For Randall, there aren't any concerns about a lack of a talent. The issue is technique, most significantly playing with lower pad level. At 6-5, that isn't always the easiest thing to do. Though 6-1 defensive tackles like Roy Miller must answer concerns about their size in the NFL, in college those defensive tackles are aided by their lower center of gravity -- it's easier to get proper leverage at that size.

Now in his second year in the program, Randall could be a force inside if he can stay low and use proper hand placement. Coming out of high school, his quickness and explosiveness were a major question mark (along keeping his pads low), so Randall may end up playing less three-technique and more at the nose tackle spot if he can hold his ground against double teams, freeing up Lamarr Houston to go one-on-one and use his quickness.

In that sense, much like the necessity for Randall to play well, everything is completely a projection at this point with him. He's listed at close to 290 pounds now, so bulk shouldn't be an issue and the early part of the season will provide Randall with a great deal of quality experience as Will Muschamp keeps his schemes pretty vanilla against inferior opponents.

Christian Scott, sophomore safety: Much like Randall, the projection of Scott as a break-out player is based on talent and projection (tremendous upside potential, perhaps?). More so than Randall, however, Scott actually showed some flashes last season, brief as they may have been. The most immediate flash was his stint replacing Blake Gideon against Kansas after Angus Quigley absolutely leveled the starting safety, leaving him prone on the field after some vicious whiplash.

After the training staff finally helped remove Gideon from the field of play, Scott quickly found himself in the same position as his fallen teammate -- one-on-one against Quigley. Illustrating the gap in size, athleticism and pure strength between the two Longhorn safeties, Scott made the play, standing up the eventual linebacker and forcing a fumble that the Longhorns eventually recovered.

The ability to create turnovers is the major point of emphasis for the secondary this season and even though Scott dropped a pretty easy interception later in the game on a duck launched by Todd Reesing (one of many on the day), Gideon didn't have any interceptions last season and only forced one fumble in much more extensive action than Scott. Both Scott and Gideon should see the field at the same time this season in the nickel package, with Scott providing a degree of size and physicality that Gideon can't match.

They key for Scott is almost completely mental. If physical skills were all that mattered last season, Scott would have played in front of Gideon. However, Muschamp did not trust him to know the scheme and help direct Earl Thomas, who often didn't know where he was supposed to be on the field. Most observers expect both Thomas and Gideon to understand their assignments, so they might be able to direct Scott even if he hasn't made the requisite mental steps forward.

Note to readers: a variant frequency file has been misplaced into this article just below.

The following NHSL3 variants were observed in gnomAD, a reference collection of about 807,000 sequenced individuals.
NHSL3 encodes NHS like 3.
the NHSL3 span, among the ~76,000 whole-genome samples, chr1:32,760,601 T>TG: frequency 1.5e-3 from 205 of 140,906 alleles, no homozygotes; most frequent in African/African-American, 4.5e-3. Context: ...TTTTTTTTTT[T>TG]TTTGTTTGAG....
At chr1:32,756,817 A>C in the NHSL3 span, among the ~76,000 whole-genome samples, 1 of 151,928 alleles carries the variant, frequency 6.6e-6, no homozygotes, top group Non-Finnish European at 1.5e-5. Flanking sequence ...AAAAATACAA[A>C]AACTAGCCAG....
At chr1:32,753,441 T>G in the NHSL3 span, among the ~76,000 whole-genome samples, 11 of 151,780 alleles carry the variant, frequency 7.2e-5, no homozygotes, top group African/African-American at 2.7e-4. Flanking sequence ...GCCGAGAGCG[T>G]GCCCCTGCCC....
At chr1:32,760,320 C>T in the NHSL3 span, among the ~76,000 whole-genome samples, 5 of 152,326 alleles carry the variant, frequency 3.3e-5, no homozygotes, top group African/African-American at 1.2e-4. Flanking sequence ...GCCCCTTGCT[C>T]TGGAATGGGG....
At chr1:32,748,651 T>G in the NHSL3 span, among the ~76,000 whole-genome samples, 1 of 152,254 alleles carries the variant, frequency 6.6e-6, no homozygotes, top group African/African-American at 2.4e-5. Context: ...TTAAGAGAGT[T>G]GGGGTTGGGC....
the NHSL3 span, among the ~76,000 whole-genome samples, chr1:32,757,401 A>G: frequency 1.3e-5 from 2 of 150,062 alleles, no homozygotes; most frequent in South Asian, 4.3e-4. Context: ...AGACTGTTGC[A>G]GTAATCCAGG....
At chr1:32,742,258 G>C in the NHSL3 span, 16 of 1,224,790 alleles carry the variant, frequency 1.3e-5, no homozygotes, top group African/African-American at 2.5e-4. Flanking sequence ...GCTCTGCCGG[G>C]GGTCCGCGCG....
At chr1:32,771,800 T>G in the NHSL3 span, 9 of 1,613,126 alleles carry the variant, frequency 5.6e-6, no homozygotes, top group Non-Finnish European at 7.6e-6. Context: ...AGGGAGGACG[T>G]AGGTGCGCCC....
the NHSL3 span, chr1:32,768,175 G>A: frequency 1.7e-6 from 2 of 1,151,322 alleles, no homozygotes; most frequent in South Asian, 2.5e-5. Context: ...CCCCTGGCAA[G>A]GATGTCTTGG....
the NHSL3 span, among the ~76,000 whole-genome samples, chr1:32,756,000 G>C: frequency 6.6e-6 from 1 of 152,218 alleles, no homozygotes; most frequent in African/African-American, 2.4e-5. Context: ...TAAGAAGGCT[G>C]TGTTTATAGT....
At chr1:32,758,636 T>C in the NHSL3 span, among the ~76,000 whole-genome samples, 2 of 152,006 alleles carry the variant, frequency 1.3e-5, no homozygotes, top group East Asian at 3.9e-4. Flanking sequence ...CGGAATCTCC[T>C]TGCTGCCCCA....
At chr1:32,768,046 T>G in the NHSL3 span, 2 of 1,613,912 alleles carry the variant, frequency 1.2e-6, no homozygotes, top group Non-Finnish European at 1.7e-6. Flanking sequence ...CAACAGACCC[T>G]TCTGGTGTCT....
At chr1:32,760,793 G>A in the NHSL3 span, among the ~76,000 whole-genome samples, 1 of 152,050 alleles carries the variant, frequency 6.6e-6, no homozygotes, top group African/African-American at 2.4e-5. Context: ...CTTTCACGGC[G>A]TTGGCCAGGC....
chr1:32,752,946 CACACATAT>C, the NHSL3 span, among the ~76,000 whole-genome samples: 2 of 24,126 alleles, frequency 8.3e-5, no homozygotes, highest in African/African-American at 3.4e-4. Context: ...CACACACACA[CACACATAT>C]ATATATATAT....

Earl Thomas, sophomore safety. In many way, Earl Thomas' performance against Oklahoma in his first Red River Rivalry game represented his freshman season -- the promise, his near interception on the first drive, and actual playmaking ability, aptly demonstrated by his two interceptions. However, the major problem for Thomas a freshman was that those two rare interceptions of Sam Bradford constituted his only two interceptions on the season, as his promise often overshadowed his ability to intercept passes.

The near-misses stem from the massive adjustment entailed between his redshirt freshman season and his first year as a starter with a new defensive coordinator. To that end, Blake Gideon spent much of the season directing Thomas to his position on the field and reminding him of his assignment in that alignment. No more -- as a sophomore often lined up against the slot receiver in the base nickel package Will Muschamp plans to employ this season, Thomas will be the director of the secondary, instead of the directed. Expect that leap in knowledge to parallel a leap in plays made on the field -- some of those 11 passes defensed last year will turn into interceptions this season.

In the spring game, Thomas jumped a route on Colt McCoy for a rare interception of the Texas starting quarterback that he took to the house. With his new deployment in the defense, Thomas will have even more opportunities to jump routes and that should lead to a subsequent increase in interceptions that will greatly help the explosiveness of the offense.

While the lack of ability to consistently force turnovers looms as the main criticism of Thomas, he was extremely effective as a tackler, finishing second on the team with 70 tackles. Showing his speed, Thomas saved several touchdowns during the season by running down opponents from behind, a talent that will continue to help him save scoring opportunities for opponents. He also did well forcing fumbles, with four on the season, good enough to tie Brian Orakpo for the team lead in that category -- a skill he must transfer into this season as the Longhorns endeavor to create more turnovers.

Who are your break-out 'Horns?